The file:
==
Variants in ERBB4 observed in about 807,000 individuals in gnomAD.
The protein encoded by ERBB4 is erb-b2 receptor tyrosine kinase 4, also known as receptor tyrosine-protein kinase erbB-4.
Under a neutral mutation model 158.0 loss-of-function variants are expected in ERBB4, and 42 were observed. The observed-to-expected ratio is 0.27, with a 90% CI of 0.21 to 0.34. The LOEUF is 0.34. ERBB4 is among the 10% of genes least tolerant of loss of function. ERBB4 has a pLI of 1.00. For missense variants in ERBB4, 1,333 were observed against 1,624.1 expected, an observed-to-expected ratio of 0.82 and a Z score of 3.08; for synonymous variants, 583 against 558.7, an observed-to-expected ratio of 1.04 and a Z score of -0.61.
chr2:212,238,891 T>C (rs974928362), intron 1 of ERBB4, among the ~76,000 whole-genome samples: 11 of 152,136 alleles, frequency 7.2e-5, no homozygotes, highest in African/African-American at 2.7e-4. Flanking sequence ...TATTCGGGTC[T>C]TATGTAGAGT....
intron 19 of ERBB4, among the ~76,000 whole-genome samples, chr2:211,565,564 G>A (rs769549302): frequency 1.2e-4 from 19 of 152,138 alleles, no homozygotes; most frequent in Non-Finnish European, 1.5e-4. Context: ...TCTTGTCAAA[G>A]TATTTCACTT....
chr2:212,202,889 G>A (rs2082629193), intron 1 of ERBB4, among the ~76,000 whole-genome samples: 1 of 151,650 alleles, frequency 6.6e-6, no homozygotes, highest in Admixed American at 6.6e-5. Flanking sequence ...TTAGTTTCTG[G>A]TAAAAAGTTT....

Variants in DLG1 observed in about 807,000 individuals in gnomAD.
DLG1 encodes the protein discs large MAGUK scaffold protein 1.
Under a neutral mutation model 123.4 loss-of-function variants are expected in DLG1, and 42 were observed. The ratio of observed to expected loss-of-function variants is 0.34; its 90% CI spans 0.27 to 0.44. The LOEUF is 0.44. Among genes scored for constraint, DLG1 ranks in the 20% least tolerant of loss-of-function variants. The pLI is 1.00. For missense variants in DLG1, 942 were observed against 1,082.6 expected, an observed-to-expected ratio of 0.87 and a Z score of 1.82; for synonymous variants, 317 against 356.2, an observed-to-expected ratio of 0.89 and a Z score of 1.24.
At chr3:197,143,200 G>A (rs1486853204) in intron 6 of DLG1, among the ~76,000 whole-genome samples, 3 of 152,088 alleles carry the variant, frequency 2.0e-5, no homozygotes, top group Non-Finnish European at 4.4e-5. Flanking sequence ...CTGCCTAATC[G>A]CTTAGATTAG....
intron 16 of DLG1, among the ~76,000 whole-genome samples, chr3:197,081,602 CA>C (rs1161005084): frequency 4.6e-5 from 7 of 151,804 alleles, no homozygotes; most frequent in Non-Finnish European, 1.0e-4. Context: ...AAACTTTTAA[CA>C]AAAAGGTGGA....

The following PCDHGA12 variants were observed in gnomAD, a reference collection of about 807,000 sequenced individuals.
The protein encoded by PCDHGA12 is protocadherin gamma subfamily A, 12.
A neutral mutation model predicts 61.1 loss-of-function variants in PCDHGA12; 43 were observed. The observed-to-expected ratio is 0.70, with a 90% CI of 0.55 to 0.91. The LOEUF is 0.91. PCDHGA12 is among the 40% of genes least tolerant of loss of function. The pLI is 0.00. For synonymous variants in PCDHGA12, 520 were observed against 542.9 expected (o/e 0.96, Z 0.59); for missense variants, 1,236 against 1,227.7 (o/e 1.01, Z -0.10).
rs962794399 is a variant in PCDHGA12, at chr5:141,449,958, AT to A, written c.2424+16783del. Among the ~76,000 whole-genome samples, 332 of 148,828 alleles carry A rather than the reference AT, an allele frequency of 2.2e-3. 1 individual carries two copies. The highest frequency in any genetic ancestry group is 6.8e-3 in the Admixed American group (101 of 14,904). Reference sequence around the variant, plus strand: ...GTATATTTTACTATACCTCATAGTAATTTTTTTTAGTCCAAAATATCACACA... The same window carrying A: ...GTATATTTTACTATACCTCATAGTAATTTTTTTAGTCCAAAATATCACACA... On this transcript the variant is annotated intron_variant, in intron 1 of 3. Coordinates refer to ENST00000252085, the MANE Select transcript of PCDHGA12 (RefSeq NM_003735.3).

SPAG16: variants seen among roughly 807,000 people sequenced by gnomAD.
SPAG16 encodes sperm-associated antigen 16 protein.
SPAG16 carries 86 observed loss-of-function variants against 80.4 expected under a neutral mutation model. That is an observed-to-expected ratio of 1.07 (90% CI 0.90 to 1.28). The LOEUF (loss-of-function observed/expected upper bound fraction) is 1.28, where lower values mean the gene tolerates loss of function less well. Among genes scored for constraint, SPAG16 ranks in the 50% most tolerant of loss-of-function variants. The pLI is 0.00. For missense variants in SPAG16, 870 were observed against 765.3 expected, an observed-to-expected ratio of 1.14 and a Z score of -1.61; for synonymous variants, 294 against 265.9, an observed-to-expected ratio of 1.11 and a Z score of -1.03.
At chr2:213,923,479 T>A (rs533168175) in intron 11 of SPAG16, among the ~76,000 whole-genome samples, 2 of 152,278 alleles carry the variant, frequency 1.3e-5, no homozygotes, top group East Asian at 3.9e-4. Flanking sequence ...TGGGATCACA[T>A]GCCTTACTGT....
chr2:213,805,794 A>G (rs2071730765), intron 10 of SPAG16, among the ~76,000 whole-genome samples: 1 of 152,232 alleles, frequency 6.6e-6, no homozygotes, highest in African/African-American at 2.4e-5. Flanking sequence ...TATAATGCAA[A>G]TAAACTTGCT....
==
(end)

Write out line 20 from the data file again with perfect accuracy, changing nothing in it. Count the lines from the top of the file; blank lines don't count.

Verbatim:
chr2:213,805,794 A>G (rs2071730765), intron 10 of SPAG16, among the ~76,000 whole-genome samples: 1 of 152,232 alleles, frequency 6.6e-6, no homozygotes, highest in African/African-American at 2.4e-5. Flanking sequence ...TATAATGCAA[A>G]TAAACTTGCT....